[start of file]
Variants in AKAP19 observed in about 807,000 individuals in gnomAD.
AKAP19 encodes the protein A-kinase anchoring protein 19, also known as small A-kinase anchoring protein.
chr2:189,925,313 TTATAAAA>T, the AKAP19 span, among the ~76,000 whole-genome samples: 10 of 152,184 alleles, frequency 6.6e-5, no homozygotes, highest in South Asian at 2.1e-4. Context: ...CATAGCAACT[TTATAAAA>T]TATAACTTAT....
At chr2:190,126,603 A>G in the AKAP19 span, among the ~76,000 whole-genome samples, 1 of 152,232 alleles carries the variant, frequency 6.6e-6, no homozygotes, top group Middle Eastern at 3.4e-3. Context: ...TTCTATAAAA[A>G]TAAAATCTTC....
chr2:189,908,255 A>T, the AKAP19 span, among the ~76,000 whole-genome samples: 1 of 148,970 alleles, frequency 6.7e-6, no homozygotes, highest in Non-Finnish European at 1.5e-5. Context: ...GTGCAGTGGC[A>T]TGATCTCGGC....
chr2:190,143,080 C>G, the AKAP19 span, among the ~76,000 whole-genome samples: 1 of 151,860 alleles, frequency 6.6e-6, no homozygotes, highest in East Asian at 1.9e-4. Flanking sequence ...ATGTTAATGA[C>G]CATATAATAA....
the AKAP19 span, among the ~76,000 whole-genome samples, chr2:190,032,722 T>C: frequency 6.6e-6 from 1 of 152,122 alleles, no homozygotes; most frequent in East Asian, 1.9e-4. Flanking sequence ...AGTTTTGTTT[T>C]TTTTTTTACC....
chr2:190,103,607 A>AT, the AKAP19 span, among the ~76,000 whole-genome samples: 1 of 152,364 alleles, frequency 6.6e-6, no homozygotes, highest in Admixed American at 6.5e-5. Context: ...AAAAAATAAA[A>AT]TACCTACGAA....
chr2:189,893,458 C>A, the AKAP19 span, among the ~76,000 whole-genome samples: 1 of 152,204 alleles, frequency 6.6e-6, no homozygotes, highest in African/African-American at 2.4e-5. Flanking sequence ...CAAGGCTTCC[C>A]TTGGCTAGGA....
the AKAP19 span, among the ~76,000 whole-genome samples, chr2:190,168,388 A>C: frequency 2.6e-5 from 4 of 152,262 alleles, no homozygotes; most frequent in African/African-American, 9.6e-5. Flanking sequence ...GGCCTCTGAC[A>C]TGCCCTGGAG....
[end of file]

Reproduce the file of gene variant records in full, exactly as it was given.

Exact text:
Variants in AKAP19 observed in about 807,000 individuals in gnomAD.
AKAP19 encodes the protein A-kinase anchoring protein 19, also known as small A-kinase anchoring protein.
chr2:189,925,313 TTATAAAA>T, the AKAP19 span, among the ~76,000 whole-genome samples: 10 of 152,184 alleles, frequency 6.6e-5, no homozygotes, highest in South Asian at 2.1e-4. Context: ...CATAGCAACT[TTATAAAA>T]TATAACTTAT....
At chr2:190,126,603 A>G in the AKAP19 span, among the ~76,000 whole-genome samples, 1 of 152,232 alleles carries the variant, frequency 6.6e-6, no homozygotes, top group Middle Eastern at 3.4e-3. Context: ...TTCTATAAAA[A>G]TAAAATCTTC....
chr2:189,908,255 A>T, the AKAP19 span, among the ~76,000 whole-genome samples: 1 of 148,970 alleles, frequency 6.7e-6, no homozygotes, highest in Non-Finnish European at 1.5e-5. Context: ...GTGCAGTGGC[A>T]TGATCTCGGC....
chr2:190,143,080 C>G, the AKAP19 span, among the ~76,000 whole-genome samples: 1 of 151,860 alleles, frequency 6.6e-6, no homozygotes, highest in East Asian at 1.9e-4. Flanking sequence ...ATGTTAATGA[C>G]CATATAATAA....
the AKAP19 span, among the ~76,000 whole-genome samples, chr2:190,032,722 T>C: frequency 6.6e-6 from 1 of 152,122 alleles, no homozygotes; most frequent in East Asian, 1.9e-4. Flanking sequence ...AGTTTTGTTT[T>C]TTTTTTTACC....
chr2:190,103,607 A>AT, the AKAP19 span, among the ~76,000 whole-genome samples: 1 of 152,364 alleles, frequency 6.6e-6, no homozygotes, highest in Admixed American at 6.5e-5. Context: ...AAAAAATAAA[A>AT]TACCTACGAA....
chr2:189,893,458 C>A, the AKAP19 span, among the ~76,000 whole-genome samples: 1 of 152,204 alleles, frequency 6.6e-6, no homozygotes, highest in African/African-American at 2.4e-5. Flanking sequence ...CAAGGCTTCC[C>A]TTGGCTAGGA....
the AKAP19 span, among the ~76,000 whole-genome samples, chr2:190,168,388 A>C: frequency 2.6e-5 from 4 of 152,262 alleles, no homozygotes; most frequent in African/African-American, 9.6e-5. Flanking sequence ...GGCCTCTGAC[A>C]TGCCCTGGAG....